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You can't bind multiple character combinations to perform an action in tmux (at least not up to current version 2.0). That means binding space + w won't work. If the above holds true, you might wonder how come ctrl key combinations work, for example Ctrl-b? The reason for this is that Ctrl-b is a single character, even though 2 keyboard keys are required ...


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Old question. But in case someone find his way here. This is sgzmd's answer: Edit your ~/.tmux.conf and add lines: set-window-option -g xterm-keys on If you don’t want to make it permanent just yet, do: C-b :set-window-option xterm-keys on Reload your config in tmux by doing: C-b :source-file ~/.tmux.conf It worked for me. original answer here


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Try removing all sessions before running tmux. I have noticed that if you have sessions still running, tmux will still load the previous .tmux.config file.


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It might have to do with where you open the tmux (virtual terminal versus GNOME terminal) when you initially run the command tmux to initiate the session manager. It's good to echo $DISPLAY in the terminal and Sys.getenv("DISPLAY") in R. See stuff like http://unix.stackexchange.com/questions/31283/error-in-r-unable-to-open-connection-to-x11 You can also ...


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Options mode-mouse, mouse-select-pane, mouse-resize-pane, mouse-select-window seem to be deprecated. Use mouse option instead, it covers all the functionality of those four options: set -g mouse on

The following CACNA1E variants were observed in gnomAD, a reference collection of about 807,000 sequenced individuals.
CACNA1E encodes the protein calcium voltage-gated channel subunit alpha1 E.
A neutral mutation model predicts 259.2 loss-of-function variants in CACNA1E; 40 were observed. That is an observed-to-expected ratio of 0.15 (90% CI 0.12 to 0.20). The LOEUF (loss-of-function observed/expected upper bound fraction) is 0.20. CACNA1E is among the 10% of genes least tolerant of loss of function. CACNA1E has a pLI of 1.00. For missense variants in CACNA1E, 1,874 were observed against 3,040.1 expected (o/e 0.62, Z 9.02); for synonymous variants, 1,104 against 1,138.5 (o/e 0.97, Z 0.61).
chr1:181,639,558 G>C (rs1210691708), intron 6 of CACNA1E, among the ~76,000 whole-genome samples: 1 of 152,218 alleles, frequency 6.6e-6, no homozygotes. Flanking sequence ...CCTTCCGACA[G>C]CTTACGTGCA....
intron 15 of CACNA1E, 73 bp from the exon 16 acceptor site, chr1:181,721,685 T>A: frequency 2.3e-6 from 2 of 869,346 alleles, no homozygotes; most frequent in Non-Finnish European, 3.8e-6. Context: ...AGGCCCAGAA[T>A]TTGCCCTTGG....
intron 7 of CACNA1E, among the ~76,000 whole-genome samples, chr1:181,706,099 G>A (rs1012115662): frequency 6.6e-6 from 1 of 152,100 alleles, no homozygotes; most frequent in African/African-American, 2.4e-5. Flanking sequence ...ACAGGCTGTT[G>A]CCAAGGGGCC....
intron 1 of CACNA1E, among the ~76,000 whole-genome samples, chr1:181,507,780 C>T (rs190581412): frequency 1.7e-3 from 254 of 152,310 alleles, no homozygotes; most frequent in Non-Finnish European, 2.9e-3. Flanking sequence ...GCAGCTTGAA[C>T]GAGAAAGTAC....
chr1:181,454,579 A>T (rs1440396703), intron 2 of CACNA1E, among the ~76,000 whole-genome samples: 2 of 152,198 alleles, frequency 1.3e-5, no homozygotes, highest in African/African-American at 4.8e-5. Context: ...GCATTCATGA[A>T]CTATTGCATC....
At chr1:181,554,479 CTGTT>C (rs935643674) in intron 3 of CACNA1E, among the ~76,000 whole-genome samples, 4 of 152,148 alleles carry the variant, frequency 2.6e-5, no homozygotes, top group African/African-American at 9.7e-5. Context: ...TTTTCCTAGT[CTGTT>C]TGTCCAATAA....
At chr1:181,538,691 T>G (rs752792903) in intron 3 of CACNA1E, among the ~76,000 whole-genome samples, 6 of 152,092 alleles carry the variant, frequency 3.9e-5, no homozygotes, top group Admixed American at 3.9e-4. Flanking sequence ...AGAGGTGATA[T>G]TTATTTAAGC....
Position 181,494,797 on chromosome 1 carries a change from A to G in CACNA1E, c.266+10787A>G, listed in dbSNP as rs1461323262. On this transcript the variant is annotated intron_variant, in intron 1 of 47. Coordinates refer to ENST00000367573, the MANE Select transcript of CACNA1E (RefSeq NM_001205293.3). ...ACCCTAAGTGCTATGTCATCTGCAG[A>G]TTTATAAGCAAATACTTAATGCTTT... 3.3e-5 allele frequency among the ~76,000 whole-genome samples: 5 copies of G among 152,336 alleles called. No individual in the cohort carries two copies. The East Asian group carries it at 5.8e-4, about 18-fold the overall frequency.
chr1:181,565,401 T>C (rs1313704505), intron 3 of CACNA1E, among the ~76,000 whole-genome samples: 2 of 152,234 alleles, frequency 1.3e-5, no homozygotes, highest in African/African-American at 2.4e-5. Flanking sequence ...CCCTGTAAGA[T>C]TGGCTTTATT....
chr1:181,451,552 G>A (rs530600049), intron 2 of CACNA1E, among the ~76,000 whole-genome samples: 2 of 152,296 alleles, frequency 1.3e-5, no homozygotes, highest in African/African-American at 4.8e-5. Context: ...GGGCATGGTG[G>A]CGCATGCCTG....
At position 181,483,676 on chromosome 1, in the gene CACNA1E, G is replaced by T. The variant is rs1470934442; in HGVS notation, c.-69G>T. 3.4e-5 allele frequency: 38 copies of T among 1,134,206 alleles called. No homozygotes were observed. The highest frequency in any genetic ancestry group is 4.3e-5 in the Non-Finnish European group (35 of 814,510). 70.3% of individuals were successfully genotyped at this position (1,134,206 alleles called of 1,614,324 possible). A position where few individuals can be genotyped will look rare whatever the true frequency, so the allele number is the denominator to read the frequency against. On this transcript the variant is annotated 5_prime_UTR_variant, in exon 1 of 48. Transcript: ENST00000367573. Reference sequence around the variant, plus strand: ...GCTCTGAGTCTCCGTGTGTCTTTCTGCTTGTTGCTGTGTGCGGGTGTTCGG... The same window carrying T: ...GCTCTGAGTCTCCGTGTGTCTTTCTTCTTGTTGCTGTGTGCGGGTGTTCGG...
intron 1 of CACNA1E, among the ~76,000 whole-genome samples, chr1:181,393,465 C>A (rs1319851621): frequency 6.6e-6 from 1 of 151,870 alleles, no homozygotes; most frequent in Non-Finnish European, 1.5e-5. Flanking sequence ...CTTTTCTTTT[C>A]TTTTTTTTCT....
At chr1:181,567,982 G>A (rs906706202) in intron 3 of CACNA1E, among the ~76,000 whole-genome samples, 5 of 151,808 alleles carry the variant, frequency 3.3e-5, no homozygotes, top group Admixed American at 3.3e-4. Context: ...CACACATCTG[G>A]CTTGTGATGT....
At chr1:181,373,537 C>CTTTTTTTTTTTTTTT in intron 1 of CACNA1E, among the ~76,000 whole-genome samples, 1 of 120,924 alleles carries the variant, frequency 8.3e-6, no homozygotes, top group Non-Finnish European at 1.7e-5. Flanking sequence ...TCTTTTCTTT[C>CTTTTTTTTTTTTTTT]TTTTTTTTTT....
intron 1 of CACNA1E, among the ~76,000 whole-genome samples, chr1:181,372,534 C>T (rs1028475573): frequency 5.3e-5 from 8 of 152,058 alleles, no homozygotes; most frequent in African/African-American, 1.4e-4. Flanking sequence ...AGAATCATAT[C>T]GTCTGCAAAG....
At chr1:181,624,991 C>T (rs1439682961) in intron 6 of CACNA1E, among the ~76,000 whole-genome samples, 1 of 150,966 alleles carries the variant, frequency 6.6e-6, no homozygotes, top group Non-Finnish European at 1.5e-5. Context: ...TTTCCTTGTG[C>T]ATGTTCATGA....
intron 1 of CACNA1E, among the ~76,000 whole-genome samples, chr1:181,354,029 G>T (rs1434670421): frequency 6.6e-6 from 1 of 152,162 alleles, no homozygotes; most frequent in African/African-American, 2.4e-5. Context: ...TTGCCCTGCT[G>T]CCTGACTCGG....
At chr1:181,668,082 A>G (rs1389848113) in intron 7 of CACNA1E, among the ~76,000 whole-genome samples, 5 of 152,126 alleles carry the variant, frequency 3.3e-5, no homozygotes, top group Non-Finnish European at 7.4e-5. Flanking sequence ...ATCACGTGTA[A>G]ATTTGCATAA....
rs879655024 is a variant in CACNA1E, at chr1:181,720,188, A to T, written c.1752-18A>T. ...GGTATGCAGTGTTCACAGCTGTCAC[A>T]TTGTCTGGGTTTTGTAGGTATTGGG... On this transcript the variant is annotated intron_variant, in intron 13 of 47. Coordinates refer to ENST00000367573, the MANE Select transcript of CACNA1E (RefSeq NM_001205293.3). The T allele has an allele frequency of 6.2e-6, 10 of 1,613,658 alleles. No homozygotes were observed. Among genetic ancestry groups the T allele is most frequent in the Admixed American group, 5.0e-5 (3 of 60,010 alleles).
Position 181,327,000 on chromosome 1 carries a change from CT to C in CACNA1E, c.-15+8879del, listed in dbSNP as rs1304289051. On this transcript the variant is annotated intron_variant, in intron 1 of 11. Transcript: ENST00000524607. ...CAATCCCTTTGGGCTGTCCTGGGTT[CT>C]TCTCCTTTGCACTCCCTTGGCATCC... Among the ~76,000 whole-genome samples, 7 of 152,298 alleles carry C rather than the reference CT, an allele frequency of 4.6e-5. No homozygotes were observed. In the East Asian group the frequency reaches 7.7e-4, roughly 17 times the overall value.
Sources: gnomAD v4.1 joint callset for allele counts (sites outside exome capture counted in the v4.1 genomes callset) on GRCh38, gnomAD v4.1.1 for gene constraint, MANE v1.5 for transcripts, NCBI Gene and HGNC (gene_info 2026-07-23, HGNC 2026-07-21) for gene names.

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You should be able to explicitly set tmux’s choice of $TERM in your ~/.tmux.conf: set -g default-terminal "uxterm"


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The install script of fzf will setup such key bindings for you, CTRL-T, CTRL-R, and ALT-C. Refer to the the project home page for the details. The code for the key bindings can be found here. If you do not like the default ones fzf provides, you can try writing your own. # A simple widget for dictionary words fzf-dict-widget() { LBUFFER="$LBUFFER$(cat ...


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I finally got the solution from this answer of another SO question: http://superuser.com/a/562423/243529


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In ~/.tmux.conf: set -g visual-activity off Right now you have this set to on, which is why you see Activity in window N.


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When I removed some sessions/windows this error went away for me. Apparently I had too many TTY's open. You can kill sessions/windows from outside tmux with these commands: tmux kill-session -t <session-name> tmux kill-window -t <session-name>:<window-name>


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you can only set style with comma separated values like "fg=xxx,bg=xxx,bold" what you were trying to do is FORMATS value. – Kent


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If you want to use control-semicolon, you can try AutoHotkey. This is my tmux & autohotkey settings. Tmux: set-option -g prefix 'C-\' AutoHotkey: ^;:: Send ^{\} return


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That is the Tmux session name. You can rename it using: CTRL + B, $ or CTRL + B, : To list the sessions, do CTRL + B, : and write ls or CTRL + B, s. By default, the session number is displayed.


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It's the tmux session name. That indicates you have three tmux sessions opened. You can attach a terminal to a session using: tmux attach Edit Active sessions can be discovered using: tmux list-sessions To close propperly a session: tmux kill-session <session_name>


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Use <prefix>+m toggle mouse mode on or off bind m run "if [[ `tmux show-option -w | grep mode-mouse.*on` ]]; then toggle=off; else toggle=on; fi; tmux display-message \"mouse tmux: \$toggle\"; tmux set-option -w mode-mouse \$toggle &> /dev/null; for cmd in mouse-select-pane mouse-resize-pane mouse-select-window; do tmux set-option -g \$cmd ...


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I found a way to achieve that: hold the option key when double clicking.